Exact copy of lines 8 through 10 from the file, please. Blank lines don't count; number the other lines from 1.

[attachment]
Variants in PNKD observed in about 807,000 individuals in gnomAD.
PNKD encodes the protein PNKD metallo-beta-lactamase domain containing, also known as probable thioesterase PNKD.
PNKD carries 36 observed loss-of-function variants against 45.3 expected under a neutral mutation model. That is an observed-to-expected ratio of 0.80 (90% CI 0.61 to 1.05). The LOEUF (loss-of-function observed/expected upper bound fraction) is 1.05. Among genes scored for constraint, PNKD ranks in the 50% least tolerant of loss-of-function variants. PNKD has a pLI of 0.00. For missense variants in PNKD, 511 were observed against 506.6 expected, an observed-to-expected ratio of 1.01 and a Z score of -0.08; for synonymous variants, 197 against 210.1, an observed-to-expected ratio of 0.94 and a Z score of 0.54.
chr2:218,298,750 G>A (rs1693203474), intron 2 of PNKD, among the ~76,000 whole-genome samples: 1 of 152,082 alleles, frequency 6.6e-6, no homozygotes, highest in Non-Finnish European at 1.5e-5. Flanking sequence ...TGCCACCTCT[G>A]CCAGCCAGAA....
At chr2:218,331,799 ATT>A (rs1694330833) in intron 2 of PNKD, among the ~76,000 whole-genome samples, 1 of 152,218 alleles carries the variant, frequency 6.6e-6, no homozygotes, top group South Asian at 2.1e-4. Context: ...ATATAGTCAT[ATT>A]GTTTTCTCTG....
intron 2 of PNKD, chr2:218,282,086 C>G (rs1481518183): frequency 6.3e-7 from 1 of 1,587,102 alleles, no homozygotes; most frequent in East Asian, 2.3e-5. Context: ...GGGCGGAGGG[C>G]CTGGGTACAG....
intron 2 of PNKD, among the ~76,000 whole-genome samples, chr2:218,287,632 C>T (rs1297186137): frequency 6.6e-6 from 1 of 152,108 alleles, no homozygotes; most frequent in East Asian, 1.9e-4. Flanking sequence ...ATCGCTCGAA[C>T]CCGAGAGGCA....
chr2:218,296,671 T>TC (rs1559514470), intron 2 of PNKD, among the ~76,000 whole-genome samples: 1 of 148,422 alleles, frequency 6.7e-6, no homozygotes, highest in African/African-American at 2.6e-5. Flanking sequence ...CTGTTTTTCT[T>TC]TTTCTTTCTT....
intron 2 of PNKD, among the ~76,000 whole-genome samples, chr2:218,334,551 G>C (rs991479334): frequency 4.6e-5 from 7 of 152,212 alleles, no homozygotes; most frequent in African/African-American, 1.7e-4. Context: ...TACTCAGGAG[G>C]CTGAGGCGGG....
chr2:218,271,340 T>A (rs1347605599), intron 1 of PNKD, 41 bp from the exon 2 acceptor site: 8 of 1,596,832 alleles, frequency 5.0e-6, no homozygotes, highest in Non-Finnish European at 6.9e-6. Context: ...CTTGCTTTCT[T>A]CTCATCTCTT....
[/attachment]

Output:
chr2:218,296,671 T>TC (rs1559514470), intron 2 of PNKD, among the ~76,000 whole-genome samples: 1 of 148,422 alleles, frequency 6.7e-6, no homozygotes, highest in African/African-American at 2.6e-5. Flanking sequence ...CTGTTTTTCT[T>TC]TTTCTTTCTT....
intron 2 of PNKD, among the ~76,000 whole-genome samples, chr2:218,334,551 G>C (rs991479334): frequency 4.6e-5 from 7 of 152,212 alleles, no homozygotes; most frequent in African/African-American, 1.7e-4. Context: ...TACTCAGGAG[G>C]CTGAGGCGGG....
chr2:218,271,340 T>A (rs1347605599), intron 1 of PNKD, 41 bp from the exon 2 acceptor site: 8 of 1,596,832 alleles, frequency 5.0e-6, no homozygotes, highest in Non-Finnish European at 6.9e-6. Context: ...CTTGCTTTCT[T>A]CTCATCTCTT....